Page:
Pre 1970s telephone used for internal prison communication in the former KGB headquarters, where soviet crimes were planned and committed in the course of fifty years, across from the Lukiskės Square, Vilnius, Lithuania. Today Museum of Genocide Victims.
The Museum of Genocide Victims in Vilnius, Lithuania was established in 1992 by order of the Minister of Culture and Education and the President of the Lithuanian Union of Political Prisoners and Deportees. In 1997 it was transferred to the Genocide and Resistance Research Centre of Lithuania. The museum is located in the former KGB headquarters across from the Lukiskės Square, therefore it is informally referred to as the KGB Museum.
The museum is dedicated to collecting and exhibiting documents relating to the 50-year occupation of Lithuania by the Soviet Union, the Lithuanian resistance, and the victims of the arrests, deportations, and executions that took place during this period.
Lithuania was invaded by the Soviet Union in 1940, and following an ultimatum, became a Soviet Socialist Republic. Mass arrests and deportations followed, and the building’s basement became a prison. In 1941 Nazi Germany invaded the country; the building then housed the Gestapo headquarters. Inscriptions on the cell walls from this era remain. The Soviets retook the country in 1944, and from then until independence was re-established in 1991, the building was used by the KGB, housing offices, a prison, and an interrogation center. Over 1,000 prisoners were executed in the basement between 1944 and the early 1960s, about one third for resisting the occupation. Most bodies were buried in the Tuskulėnai Manor, which underwent reconstruction and is selected to host the second Museum of Genocide Victims.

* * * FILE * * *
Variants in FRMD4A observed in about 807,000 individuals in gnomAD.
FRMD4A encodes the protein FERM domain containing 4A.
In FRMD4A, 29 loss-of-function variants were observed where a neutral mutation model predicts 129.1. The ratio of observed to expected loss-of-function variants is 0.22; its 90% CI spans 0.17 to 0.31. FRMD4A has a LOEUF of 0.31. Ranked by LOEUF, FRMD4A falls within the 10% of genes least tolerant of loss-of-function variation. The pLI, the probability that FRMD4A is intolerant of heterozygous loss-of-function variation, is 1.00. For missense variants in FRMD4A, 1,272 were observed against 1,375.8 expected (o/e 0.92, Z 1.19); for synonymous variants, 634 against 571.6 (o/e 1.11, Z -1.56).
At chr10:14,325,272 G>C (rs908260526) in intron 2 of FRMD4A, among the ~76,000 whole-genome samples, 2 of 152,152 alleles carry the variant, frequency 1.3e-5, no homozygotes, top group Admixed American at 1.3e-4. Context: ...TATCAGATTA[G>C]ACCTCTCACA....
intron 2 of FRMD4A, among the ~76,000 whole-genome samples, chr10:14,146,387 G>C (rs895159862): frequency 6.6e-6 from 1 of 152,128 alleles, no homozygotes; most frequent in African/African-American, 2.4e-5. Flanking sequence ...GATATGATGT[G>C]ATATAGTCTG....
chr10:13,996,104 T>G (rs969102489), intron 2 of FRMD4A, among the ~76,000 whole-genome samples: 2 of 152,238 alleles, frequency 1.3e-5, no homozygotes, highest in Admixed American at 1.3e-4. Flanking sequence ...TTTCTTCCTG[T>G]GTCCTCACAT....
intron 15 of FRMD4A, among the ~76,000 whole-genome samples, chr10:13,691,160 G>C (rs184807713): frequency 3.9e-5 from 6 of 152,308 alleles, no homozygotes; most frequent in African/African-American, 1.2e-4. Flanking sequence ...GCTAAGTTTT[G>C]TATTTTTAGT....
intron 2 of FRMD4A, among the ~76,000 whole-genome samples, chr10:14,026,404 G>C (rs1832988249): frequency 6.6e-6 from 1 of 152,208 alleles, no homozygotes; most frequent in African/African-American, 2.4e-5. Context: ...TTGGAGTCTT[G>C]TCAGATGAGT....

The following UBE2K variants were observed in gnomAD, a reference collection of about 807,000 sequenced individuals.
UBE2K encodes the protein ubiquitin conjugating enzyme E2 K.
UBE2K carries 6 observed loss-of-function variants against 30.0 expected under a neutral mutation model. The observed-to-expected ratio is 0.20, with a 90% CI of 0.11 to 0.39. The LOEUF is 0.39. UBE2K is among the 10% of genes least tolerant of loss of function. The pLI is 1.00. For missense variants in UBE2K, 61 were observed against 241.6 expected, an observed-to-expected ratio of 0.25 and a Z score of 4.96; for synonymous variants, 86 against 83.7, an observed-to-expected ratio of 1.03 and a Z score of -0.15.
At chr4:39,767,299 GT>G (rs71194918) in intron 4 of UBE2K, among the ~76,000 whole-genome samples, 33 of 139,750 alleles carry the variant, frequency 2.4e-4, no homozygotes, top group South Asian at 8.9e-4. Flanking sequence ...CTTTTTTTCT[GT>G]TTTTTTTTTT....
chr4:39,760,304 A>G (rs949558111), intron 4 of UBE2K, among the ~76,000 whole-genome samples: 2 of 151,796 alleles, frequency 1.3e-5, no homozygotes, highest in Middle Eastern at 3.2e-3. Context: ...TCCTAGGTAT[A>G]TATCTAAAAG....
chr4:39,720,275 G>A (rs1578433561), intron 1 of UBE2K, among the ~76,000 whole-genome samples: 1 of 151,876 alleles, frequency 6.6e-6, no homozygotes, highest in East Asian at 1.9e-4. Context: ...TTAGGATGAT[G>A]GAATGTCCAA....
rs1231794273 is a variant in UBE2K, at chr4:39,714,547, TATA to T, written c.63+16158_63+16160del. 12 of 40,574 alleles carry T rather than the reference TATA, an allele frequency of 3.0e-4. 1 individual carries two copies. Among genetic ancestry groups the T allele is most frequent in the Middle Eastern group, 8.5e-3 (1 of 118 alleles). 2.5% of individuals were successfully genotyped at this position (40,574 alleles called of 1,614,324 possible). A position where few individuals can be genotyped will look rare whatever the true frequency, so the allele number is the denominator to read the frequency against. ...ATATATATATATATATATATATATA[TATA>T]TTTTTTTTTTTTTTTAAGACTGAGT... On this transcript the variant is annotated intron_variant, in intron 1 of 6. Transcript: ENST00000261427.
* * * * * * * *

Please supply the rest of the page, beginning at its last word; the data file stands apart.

The Lithuanian law uses the following definition of genocide:
Article 1. Actions by which it was meant to physically eliminate all or part of inhabitants belonging to some national, ethnic, racial or religious group…